Publisher: Harvard Business Review Press
Book Review by: Sonu Chandiram
This 229-page book on ‘reverse innovation’ in business a new term you will learn about and what it means, is itself an innovative work by its two authors because it recognizes, as few books do, that the United States is no longer a pioneer – as it once was – in creating new products and services that makes life easier for billions of people worldwide.
Other countries such as China and India have taken the lead in innovation. Chinese firms now design numerous money- and time-saving products, mass-manufacture them and export them in large quantities worldwide. India’s firms do likewise.
In India’s auto industry alone, Tata Motors came up first with the Nano which made personal transportation affordable for millions. Then they grabbed the opportunity to mass-produce the air-powered car developed by French innovator Guy Negre. And now, the company is working to commercialize the production of a water-powered car with chemistry professor and energy innovator Daniel Nocera at the Massachusetts Institute of technology.
With a Foreword by India-born PepsiCo Chairperson and CEO Indra K. Nooyi, Reverse Innovation is organized in two basic parts. Part I discusses the challenges inherent in reverse innovation, particularly the five paths to it, and Part II presents a dozen real examples of it by companies ranging from day-to-day consumer product makers such as Proctor and Gamble and PepsiCo to high-tech firms such as EMC and Logitech.
The authors discuss each of the five basic paths of reverse innovation in terms of gaps to bridge, namely the infrastructure gap, the performance gap, the preferences gap, the regulatory gap and the sustainability gap.
With regards to penetrating massive markets like China and India, each with billion-plus consumers, which have demands for a large variety of goods, it is not as simple for U.S. firms to create products that they think will sell in those countries. Correct pricing is a huge challenge to overcome, among other unknowns.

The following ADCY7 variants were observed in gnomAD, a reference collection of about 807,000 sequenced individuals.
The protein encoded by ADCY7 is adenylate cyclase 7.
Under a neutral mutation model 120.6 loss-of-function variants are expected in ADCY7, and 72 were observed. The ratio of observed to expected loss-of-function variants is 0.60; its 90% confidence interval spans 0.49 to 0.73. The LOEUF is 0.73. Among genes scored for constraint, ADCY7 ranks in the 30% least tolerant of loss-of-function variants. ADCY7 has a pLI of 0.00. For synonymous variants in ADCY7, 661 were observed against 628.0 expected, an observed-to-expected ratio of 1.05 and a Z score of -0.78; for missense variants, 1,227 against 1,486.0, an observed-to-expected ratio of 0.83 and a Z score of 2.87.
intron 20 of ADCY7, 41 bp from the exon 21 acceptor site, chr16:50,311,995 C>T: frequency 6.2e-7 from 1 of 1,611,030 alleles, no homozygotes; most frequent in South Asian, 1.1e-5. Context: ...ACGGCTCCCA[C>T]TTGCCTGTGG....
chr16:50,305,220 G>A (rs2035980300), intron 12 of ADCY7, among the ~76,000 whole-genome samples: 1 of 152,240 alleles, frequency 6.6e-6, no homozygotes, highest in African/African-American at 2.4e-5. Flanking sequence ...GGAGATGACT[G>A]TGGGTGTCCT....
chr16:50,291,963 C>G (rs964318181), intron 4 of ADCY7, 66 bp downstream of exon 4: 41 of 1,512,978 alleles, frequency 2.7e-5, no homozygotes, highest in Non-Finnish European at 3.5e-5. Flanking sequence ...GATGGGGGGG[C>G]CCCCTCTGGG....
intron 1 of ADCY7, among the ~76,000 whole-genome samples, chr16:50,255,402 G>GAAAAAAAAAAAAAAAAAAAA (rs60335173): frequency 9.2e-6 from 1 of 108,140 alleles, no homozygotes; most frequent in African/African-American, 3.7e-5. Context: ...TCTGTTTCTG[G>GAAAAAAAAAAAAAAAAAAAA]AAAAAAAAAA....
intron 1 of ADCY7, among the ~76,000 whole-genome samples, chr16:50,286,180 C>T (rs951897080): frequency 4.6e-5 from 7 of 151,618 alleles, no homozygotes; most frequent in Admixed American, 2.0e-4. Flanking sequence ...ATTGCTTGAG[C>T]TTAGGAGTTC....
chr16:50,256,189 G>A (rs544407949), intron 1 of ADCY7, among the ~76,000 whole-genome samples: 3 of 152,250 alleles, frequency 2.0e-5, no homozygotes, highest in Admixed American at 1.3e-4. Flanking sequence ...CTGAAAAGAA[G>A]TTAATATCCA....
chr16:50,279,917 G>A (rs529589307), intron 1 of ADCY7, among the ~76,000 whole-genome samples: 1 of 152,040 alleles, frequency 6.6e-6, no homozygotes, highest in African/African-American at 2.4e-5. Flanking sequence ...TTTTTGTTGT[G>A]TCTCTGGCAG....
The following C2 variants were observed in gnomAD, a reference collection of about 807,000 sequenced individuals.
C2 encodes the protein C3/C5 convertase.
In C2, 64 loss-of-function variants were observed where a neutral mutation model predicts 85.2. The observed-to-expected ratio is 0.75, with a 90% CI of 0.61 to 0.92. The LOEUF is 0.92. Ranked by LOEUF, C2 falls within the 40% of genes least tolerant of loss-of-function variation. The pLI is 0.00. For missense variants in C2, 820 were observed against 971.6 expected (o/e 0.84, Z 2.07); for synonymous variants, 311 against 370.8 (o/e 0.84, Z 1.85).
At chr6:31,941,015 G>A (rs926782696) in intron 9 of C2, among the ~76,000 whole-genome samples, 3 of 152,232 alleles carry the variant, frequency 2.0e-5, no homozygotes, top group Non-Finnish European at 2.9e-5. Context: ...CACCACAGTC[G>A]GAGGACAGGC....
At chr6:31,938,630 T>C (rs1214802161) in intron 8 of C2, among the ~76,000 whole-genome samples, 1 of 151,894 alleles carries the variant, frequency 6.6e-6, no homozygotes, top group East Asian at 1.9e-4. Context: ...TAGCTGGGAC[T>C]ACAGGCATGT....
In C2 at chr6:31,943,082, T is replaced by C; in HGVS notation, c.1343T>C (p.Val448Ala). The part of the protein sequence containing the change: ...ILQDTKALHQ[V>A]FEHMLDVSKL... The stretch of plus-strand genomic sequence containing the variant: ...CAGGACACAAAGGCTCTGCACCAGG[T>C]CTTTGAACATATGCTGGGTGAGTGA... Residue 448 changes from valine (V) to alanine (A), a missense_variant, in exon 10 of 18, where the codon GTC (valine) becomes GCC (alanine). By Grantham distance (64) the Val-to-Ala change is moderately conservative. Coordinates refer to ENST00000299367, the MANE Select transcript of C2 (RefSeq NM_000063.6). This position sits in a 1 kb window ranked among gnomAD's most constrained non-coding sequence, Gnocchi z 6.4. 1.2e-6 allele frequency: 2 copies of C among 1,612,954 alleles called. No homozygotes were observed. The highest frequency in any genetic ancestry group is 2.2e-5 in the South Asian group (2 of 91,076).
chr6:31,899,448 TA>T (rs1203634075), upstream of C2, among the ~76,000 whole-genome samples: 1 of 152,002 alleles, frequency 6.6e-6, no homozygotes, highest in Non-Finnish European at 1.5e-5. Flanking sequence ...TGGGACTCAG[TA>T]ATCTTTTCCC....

They elaborate on this challenge: “we warned (in chapter 10) that one person with ten dollars to spend has a vastly different set of wants and needs than ten people each with one dollar to spend. This is a good beginning, but reaping the full benefit of reverse innovation requires a much deeper understanding of the differences between rich-country and poor-country needs.”
They way a certain country gets on a path of progress is never the same as another country does. How the U.S. developed centuries or decades ago would not be similar how India has or will innovate and grow. Many of the U.S. inventions and innovations are already present in India. It is not as simple as exporting U.S. products to India for it to come to the modern age. Income, pricing, wants and needs gap are huge between these two countries, although they share the same values of freedom and democracy.
Citing 2010 annual per-capita income comparisons of $47,000 in the United States and just $3,000 in India, they point out: “Even under the most optimistic economic growth assumptions, it will take a long and slow march of at least two generations for India to catch up to the U.S. on this metric.”
Who really can correctly guess how long it will take Indians to reach per-capita income of $47,000 and by then, what will be the real purchasing value of the U.S. dollar, and importantly what will be the U.S. dollar – Indian rupee exchange rate?
And with innovative products created in other countries being mass-produced and sold in India, the competitive advantage of India over the United States is increasing. India has also reached a point where its own local innovation is creating products that are being exported to the United States with a huge pricing advantage. Who knows how many U.S. companies may go out of business because of this advantage.
Issues and questions such as these and similar ones make this book a compelling read by Govindarajan and Trimble, whether you are a business owner or executive or just an ordinary citizen concerned about globalization and global competition.
Vijay Govindarajan is a professor of International Business at the Tuck School of Business at Dartmouth College and the first Professor in Residence and Chief Innovation Consultant at General Electric. He ranked third in the Thinkers 50 list of the greatest management thinkers in the world.
Chris Timble, also on the faculty at Tuck School of Business, is a well-known speaker and consultant on innovation. Learn more on www.innovationreverse.com